• Gehl, J (1987) Life Between Buildings: Using Public Space, translated by Jo Koch, Van Nostrand Reinhold, New York. (ISBN 978-87-7407-360-4)
  • Gehl, J. and Gemzøe, L. (2000) New City Spaces, The Danish Architectural Press. Copenhagen. (ISBN 978-87-7407-293-5)
  • Gehl, J. and Gemzøe, L. (2004) Public Spaces, Public Life, Danish Architectural Press. (ISBN 978-87-7407-305-5)
  • Gehl, J. et al. (2006) New City Life, The Danish Architectural Press, Denmark. (ISBN 978-87-7407-365-9)
  • Gehl, J. (2010) Cities for People, Island Press. (ISBN 978-1597265737)
  • Gehl, J. and Svarre, B. (2013) How to Study Public Life, Island Press

See also

References

  1. ^ "Exhibition "Changing Mindsets" - Jan Gehl's Life of Work". Danish Cultural Institute. Retrieved 2017.
  2. ^ "Jan Gehl". Gehl. Retrieved 2017.
  3. ^ Paul Makovsky: Pedestrian Cities: An interview with Danish architect Jan Gehl on how public spaces work. in Metropolis Magazine August/September 2002, Retrieved 16 October 2010 Archived 4 April 2005 at the Wayback Machine
  4. ^ http://www.lifebetweenbuildingsfilm.org. Missing or empty |title= (help)
  5. ^ "New York City DOT Releases World Class Streets Report, Calling for Enhanced Public and Pedestrian Space". New York City Department of Transportation. 2008-11-14. Retrieved .
  6. ^ Melbourne 'Places for People' Archived 2011-06-14 at the Wayback Machine
  7. ^ City of Perth - Public Spaces Public Life Archived 2009-09-19 at the Wayback Machine
  8. ^ City of Adelaide - Public Spaces and Public Life 2002 Archived 2007-09-12 at the Wayback Machine
  9. ^ Sydney CBD Public Life and Public Spaces Survey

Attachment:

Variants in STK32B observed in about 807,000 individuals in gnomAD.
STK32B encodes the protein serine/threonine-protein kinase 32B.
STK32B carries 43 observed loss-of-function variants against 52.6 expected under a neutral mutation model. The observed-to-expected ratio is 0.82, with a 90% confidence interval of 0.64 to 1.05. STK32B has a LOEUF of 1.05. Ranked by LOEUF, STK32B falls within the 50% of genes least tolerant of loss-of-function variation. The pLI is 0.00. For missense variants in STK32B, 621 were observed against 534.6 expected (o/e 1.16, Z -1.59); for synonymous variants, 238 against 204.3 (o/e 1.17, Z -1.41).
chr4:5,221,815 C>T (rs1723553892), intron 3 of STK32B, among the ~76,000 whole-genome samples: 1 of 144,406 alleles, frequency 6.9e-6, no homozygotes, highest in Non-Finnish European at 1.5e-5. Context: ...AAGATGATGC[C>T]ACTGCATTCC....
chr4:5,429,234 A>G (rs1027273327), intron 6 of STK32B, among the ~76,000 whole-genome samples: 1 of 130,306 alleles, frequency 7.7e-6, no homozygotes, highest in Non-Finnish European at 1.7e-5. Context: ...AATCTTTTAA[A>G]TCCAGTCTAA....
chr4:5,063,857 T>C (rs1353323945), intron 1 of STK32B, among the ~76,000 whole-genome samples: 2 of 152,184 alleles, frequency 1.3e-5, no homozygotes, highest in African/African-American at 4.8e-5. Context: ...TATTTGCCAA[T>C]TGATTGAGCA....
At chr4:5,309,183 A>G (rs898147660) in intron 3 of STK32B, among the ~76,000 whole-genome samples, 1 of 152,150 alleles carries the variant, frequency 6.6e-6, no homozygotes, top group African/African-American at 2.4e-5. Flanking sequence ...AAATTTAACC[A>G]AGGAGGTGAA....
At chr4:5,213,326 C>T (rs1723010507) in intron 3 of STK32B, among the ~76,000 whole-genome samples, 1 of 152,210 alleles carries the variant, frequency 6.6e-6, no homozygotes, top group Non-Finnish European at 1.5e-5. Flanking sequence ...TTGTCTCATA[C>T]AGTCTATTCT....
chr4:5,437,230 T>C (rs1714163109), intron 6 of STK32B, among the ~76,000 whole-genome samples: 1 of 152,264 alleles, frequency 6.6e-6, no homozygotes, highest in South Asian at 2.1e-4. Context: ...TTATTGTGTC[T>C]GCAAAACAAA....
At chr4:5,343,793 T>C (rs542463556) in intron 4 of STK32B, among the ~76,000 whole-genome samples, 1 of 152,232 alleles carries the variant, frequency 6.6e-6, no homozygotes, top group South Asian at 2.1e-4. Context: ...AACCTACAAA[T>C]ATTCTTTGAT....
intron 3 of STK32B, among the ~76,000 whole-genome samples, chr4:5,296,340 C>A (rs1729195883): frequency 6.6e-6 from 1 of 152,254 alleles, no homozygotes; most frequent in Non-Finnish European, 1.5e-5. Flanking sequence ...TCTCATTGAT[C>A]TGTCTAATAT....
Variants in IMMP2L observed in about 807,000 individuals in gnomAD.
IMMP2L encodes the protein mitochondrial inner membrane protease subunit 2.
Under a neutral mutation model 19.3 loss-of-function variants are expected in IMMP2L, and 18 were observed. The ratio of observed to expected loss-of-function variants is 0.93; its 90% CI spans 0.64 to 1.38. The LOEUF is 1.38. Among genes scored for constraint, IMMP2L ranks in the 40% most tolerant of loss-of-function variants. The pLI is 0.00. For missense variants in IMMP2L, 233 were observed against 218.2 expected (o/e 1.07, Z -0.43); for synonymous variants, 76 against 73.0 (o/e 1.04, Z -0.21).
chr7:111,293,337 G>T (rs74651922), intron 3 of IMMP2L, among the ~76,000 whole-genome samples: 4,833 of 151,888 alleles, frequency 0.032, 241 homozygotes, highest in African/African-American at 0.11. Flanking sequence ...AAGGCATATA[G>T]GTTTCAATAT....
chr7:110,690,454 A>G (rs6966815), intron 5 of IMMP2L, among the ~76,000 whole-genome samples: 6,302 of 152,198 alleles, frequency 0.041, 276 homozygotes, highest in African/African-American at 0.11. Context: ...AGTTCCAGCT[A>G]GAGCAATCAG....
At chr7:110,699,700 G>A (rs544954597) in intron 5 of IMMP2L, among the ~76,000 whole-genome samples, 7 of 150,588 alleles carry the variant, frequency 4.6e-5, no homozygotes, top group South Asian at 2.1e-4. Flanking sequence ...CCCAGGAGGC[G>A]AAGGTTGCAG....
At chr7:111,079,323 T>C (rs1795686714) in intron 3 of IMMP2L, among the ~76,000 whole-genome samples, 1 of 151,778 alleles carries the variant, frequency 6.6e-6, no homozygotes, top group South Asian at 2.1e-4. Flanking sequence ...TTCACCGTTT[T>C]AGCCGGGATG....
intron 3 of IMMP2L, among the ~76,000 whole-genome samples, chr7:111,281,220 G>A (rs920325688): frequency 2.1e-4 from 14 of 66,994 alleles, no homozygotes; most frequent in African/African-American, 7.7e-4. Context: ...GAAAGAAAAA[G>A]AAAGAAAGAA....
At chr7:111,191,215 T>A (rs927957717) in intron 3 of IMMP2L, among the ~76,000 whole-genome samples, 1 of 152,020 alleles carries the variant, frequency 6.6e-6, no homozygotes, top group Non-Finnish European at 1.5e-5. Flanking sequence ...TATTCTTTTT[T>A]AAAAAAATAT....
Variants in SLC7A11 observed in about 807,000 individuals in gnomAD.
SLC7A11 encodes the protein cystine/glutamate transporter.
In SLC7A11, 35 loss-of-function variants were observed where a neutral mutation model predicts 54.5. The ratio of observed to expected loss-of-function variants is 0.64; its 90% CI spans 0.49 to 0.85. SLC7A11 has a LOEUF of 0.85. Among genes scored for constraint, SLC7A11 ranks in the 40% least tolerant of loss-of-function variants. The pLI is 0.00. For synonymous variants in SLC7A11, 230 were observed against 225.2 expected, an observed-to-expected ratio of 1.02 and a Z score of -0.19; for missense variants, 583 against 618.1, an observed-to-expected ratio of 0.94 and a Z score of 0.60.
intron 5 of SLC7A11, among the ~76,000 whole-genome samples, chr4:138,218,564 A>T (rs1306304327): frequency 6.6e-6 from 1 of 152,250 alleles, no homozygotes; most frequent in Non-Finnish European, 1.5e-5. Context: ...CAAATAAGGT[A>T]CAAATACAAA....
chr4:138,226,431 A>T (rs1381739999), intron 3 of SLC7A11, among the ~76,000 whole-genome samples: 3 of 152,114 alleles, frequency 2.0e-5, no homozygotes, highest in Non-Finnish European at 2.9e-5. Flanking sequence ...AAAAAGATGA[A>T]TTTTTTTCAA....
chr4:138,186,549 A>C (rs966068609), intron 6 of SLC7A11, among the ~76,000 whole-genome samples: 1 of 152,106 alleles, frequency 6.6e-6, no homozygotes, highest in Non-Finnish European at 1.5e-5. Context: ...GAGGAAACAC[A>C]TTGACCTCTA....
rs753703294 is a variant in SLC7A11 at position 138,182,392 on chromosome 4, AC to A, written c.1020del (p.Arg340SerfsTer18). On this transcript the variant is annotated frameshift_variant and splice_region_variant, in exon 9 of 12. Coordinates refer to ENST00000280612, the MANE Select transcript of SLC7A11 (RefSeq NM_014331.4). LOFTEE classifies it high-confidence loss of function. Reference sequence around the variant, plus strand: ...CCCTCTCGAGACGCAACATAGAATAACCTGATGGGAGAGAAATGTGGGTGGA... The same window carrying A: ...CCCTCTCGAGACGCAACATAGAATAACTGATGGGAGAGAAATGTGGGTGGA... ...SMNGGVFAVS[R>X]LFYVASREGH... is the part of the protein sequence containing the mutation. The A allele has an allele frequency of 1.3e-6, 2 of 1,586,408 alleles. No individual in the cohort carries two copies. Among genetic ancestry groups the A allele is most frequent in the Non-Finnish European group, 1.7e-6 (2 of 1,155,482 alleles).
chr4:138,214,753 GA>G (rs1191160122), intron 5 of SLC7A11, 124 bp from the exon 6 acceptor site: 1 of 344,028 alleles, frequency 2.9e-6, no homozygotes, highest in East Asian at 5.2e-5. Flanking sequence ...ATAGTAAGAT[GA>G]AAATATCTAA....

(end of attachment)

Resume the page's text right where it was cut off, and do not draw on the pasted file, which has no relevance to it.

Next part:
10. ^ http://knowledgeauckland.org.nz/assets/publications/Auckland_Public_Life_Survey_2010_Part_1.pdf
  11. ^ "Gehl Architects report - Public Spaces and Public Life Study 2004". Wellington City Council. Retrieved 2015.
  12. ^ Gehl, Jan (2010). "Jan Gehl Public Space Public Life Study (Christchurch 2009, Public Space Public Life)". Christchurch City Council. Archived from the original on 27 February 2010. Retrieved 2010.
  13. ^ "Hobart - A City with People in Mind". Hobart City Council. Archived from the original on 19 November 2014. Retrieved 2014.
  14. ^ Anderson-Oliver, M. (2013) "Cities for people: Jan Gehl", Assemble Papers, 13 June 2013
  15. ^ "Heriot-Watt University Honorary Graduates" (PDF). www1.hw.ac.uk. Retrieved .
  16. ^ AIA College of Fellows, Red Book Directory 2017 AIA College of Fellows History & Directory. 2017 Edition
  17. ^ "NYC Award presented to Jan Gehl". Archived from the original on 2011-10-09. Retrieved .
  18. ^ "King presents Prince Eugen Medal". Royal Court of Sweden. Retrieved 2018.
  19. ^ "C.F. Hansen Medaillen" (in Danish). Akademiraadet. Archived from the original on 2015-02-02. Retrieved 2018.
  20. ^ "Global Award for Sustainable Architecture". Cité de l'architecture & du patrimoine. Retrieved .

External links


  This article uses material from the Wikipedia page available here. It is released under the Creative Commons Attribution-Share-Alike License 3.0.